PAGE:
The fiscal reform series: A deeper dive into VAT
The analysis of the best taxation model and the appropriate mix of taxes for The Bahamas is far from over as we await the final study commissioned by the government and the results of the work done by Oxford Economics – a global advisory firm engaged by the Coalition for Responsible Taxation (Coalition). It is encouraging to see that the government seems to have kept its promise to work with the private sector in the fiscal reform exercise.
While we await the findings of the referenced studies, it would be unrealistic to conclude that value-added tax (VAT) will not be a major component of the government’s fiscal reform program. It is a known fact that the issue of tax reform, in general, and the implementation of VAT, in particular, have been considered for several years and by multiple administrations. Hence, considerable work and analysis ought to have been conducted prior to the selection of VAT as an appropriate form of taxation, even though the general public is not privy to the specific details of such prior analysis. As the clock ticks and the plot thickens on the government’s fiscal adjustment agenda, we take a closer look at this form of taxation, what is being proposed and where we stand today.
The general nature and details of VAT
VAT is an indirect tax; that is, it is a form of tax that is collected by an intermediary on behalf of the government or revenue agency from persons (either individual or corporate) that bear the ultimate tax burden. In essence, the payer of the tax is often different from the ultimate bearer of an indirect tax. Indirect taxes are therefore also defined by the ability of the taxpayer to shift the tax burden.
It is noteworthy to state that the difference between direct taxes and indirect taxes was first discussed at length by Adam Smith, who is regarded as the father of modern economics. In his classic work, “An Inquiry into the Nature and Causes of the Wealth of Nations,” which is abbreviated as “The Wealth of Nations,” Smith articulated extensively the concept of indirect taxes and the impact on necessaries and luxuries, noting the similarities between indirect taxes and direct taxes with the former falling on the consumer, ultimately.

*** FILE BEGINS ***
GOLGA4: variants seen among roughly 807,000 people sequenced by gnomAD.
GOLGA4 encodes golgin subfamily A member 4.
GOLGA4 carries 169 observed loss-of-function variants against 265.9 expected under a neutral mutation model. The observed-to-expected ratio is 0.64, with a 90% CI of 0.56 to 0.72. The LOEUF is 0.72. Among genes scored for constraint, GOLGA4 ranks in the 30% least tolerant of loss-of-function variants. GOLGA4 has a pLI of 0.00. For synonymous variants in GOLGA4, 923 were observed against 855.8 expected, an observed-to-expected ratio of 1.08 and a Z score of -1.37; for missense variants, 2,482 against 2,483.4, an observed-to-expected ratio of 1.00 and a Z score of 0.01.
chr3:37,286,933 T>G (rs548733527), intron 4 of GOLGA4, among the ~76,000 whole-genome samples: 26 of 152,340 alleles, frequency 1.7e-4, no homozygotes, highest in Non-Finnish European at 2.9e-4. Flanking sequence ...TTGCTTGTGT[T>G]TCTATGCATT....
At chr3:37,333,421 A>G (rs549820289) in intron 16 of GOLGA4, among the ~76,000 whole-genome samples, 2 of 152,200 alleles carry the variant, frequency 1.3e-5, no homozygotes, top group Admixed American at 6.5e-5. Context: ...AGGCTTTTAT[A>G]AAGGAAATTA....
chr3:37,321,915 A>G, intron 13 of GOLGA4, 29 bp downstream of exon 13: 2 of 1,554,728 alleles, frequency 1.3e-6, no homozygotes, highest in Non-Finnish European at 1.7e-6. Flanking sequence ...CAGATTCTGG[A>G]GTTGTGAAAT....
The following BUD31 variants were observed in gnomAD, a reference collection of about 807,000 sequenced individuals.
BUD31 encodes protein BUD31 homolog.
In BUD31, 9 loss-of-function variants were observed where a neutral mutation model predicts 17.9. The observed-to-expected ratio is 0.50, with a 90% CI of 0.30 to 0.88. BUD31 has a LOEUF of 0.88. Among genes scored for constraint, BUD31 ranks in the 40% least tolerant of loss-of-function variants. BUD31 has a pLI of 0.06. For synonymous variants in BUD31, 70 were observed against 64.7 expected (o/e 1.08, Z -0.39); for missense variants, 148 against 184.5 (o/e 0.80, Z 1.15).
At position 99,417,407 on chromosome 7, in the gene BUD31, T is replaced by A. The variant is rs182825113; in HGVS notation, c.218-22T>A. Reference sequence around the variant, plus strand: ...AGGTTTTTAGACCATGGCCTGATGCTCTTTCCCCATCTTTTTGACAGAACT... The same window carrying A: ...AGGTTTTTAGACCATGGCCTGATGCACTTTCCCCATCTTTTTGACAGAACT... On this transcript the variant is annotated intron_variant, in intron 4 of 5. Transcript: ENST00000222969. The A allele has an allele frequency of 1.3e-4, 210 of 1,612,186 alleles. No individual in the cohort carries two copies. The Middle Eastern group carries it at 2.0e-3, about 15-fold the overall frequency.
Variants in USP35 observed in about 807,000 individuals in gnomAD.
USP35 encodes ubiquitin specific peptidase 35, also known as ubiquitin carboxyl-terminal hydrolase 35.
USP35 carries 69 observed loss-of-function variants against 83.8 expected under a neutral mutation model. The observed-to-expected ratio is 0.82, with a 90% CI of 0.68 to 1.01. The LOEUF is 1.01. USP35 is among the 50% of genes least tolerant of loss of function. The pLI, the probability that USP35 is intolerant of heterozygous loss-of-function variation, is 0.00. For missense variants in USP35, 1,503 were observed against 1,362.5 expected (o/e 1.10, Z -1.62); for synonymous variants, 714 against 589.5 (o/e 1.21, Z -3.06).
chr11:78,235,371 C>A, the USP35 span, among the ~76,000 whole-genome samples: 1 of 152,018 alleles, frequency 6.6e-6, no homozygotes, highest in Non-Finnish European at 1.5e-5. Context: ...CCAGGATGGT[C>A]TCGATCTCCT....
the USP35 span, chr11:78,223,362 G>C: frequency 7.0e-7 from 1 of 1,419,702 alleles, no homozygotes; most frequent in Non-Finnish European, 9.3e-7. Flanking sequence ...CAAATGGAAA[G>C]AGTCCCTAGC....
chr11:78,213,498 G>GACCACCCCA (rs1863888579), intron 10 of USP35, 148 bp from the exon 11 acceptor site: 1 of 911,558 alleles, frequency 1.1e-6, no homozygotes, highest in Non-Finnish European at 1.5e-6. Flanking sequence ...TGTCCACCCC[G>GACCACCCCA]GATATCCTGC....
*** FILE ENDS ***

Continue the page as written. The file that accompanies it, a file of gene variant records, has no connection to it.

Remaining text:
VAT is a consumption tax that is essentially levied on consumers and what they consume. A key objective of introducing VAT, as indicated by the government, is to broaden the tax base, and the choice of VAT is intended to achieve this as the country seeks to join the World Trade Organization (WTO), which requires the reduction of tariff rates. This goal is consistent with the general consensus among a number of economists and public finance experts that consumption tax should be planned with the widest base and positive rate possible.
The VAT rate and revenue
The white paper issued by the government in February 2013 suggested the implementation of VAT at a standard rate of 15 percent with a proposal to have a special rate of 10 percent, exempt supplies and zero-rated supplies. The draft VAT Bill and Regulations were consistent with the white paper in this regard. The export of goods and services are expected to be zero-rated which means that 0 percent VAT will be charged by the supplier and the VAT paid by the supplier can be recovered from the government.
It is proposed that basic food products, soap and laundry detergent, electricity and water supplies based on established thresholds will be exempt from VAT. Exempt services include, among others, insurance services, domestic financial services not provided for an explicit fee, medical services, education services, daycare and after-school care, domestic travel and services provided by a facility to persons in need of care.
It is important to state that companies offering exempt services or supplies will incur VAT on their inputs, but will not be able to directly charge their customers or consumers VAT; hence, their prices may be adjusted to compensate for the increase in the cost of production. It has been further proposed that a special (reduced) rate applies to a supply made in accordance with the regulations by a hotel or similar establishment registered and licensed by the Hotel Licensing Authority; this is presumably to minimize the corresponding impact on the tourism industry.